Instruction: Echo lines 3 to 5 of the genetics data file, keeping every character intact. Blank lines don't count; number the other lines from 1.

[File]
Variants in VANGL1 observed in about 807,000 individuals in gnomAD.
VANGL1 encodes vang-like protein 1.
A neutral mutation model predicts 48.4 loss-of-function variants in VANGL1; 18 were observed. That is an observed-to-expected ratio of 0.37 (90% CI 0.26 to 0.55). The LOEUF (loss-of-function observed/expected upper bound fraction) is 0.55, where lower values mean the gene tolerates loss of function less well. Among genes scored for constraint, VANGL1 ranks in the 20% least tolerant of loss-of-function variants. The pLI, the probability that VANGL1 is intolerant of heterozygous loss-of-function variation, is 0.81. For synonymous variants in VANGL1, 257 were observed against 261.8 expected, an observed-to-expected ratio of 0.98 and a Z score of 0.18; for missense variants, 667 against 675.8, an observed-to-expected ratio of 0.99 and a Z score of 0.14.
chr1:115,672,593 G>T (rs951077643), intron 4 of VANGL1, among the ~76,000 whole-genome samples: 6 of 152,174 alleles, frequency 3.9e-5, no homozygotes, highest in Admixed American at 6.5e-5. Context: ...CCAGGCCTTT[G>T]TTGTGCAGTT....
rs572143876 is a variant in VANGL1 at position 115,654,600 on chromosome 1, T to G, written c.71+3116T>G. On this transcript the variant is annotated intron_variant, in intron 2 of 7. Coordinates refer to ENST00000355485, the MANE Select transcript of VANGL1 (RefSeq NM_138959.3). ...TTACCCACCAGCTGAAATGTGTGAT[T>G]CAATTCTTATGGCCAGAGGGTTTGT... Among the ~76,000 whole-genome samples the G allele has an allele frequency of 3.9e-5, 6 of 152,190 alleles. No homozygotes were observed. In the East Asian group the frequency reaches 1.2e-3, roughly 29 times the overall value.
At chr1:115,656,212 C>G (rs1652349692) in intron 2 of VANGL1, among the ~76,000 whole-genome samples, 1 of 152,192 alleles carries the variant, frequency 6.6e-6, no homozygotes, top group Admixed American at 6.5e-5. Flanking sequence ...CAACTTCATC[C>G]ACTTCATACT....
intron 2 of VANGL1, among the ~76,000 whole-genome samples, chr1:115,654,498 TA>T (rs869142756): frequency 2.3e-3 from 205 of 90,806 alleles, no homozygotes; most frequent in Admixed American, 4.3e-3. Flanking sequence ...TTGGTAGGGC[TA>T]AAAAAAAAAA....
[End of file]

A neutral mutation model predicts 48.4 loss-of-function variants in VANGL1; 18 were observed. That is an observed-to-expected ratio of 0.37 (90% CI 0.26 to 0.55). The LOEUF (loss-of-function observed/expected upper bound fraction) is 0.55, where lower values mean the gene tolerates loss of function less well. Among genes scored for constraint, VANGL1 ranks in the 20% least tolerant of loss-of-function variants. The pLI, the probability that VANGL1 is intolerant of heterozygous loss-of-function variation, is 0.81. For synonymous variants in VANGL1, 257 were observed against 261.8 expected, an observed-to-expected ratio of 0.98 and a Z score of 0.18; for missense variants, 667 against 675.8, an observed-to-expected ratio of 0.99 and a Z score of 0.14.
chr1:115,672,593 G>T (rs951077643), intron 4 of VANGL1, among the ~76,000 whole-genome samples: 6 of 152,174 alleles, frequency 3.9e-5, no homozygotes, highest in Admixed American at 6.5e-5. Context: ...CCAGGCCTTT[G>T]TTGTGCAGTT....
rs572143876 is a variant in VANGL1 at position 115,654,600 on chromosome 1, T to G, written c.71+3116T>G. On this transcript the variant is annotated intron_variant, in intron 2 of 7. Coordinates refer to ENST00000355485, the MANE Select transcript of VANGL1 (RefSeq NM_138959.3). ...TTACCCACCAGCTGAAATGTGTGAT[T>G]CAATTCTTATGGCCAGAGGGTTTGT... Among the ~76,000 whole-genome samples the G allele has an allele frequency of 3.9e-5, 6 of 152,190 alleles. No homozygotes were observed. In the East Asian group the frequency reaches 1.2e-3, roughly 29 times the overall value.